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DUP councillor says same-sex marriage on ‘Songs of Praise’ was ‘seismic departure’ for the programme

Gareth Wilson says showing the segment was ‘not representative of Church opinion’

By Steve Brown

Words: Steve Brown

A DUP councillor has said a same-sex marriage on Songs of Praise was a ‘seismic departure’ for the programme.

In August, the long-running BBC show aired its first ever same-sex wedding as James Wallace and Ian McDowell walked down the aisle of the Rutherglen United Reformed Church, near Glasgow, after the local congregation gave their backing.

The fact that the religious show aired a same-sex wedding was praised by fans and the LGBTQ community and showed the BBC was moving forward to be more inclusive.

However, DUP councillor Gareth Wilson – who represents Armagh, Banbridge and Craigavon – said showing the segment was ‘not representative of Church opinion’, the Belfast Telegraph reported.

He said: “Songs of Praise has traditionally been a feature-style programme reflective of Church life in the UK and is wholly reflective of the main Churches that operate within the UK.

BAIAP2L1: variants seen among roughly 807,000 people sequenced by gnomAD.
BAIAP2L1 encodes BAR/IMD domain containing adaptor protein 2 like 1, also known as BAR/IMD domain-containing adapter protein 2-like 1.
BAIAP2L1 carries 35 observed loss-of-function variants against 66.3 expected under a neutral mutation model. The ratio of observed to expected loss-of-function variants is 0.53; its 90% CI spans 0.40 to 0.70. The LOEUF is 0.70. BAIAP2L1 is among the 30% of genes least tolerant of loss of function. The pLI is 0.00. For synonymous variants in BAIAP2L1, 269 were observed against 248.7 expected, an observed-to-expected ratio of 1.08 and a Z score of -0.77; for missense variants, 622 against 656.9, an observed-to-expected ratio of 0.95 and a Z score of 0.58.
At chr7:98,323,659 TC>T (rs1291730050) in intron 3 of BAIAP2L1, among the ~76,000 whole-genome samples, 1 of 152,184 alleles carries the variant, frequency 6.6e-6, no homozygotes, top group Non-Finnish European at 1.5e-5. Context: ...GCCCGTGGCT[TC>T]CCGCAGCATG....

“However, to feature a same-sex marriage in one of the very, very few Churches that have moved to offer such services, is a seismic departure for Songs of Praise and done without due consideration of the views of Churches, and indeed scripture, on this matter.

“The effect of this promotion and lack of an opposing position, served to inaccurately paint a picture of Churches who hold fast to the scriptures as a cornerstone as being in some way uncaring or non-compassionate.

“The longer term impact of that is to then see Churches that reject same-same marriage as being extreme or ‘out there’ and somehow unwelcoming.

“The BBC have taken a very deliberate promotional approach on this topic. This was very obvious and as the programme failed to reflect the prevailing and biblical Christian view on same-sex marriage, the programme was all the more regrettable.

“Many Christian groups and organisations have expressed their concerns already on this matter and rightly so.”

A BBC spokesperson said: “Three years ago the United Reformed Church decided to permit each of its congregations across the country to decide whether to allow same-sex marriages to take place.

“In an episode about Faith and Marriage, which aired on August 18, we featured the wedding of James and Ian, who got married in Rutherglen in Glasgow, to find out what it meant to them, as Christians, to be able to take their vows in church.”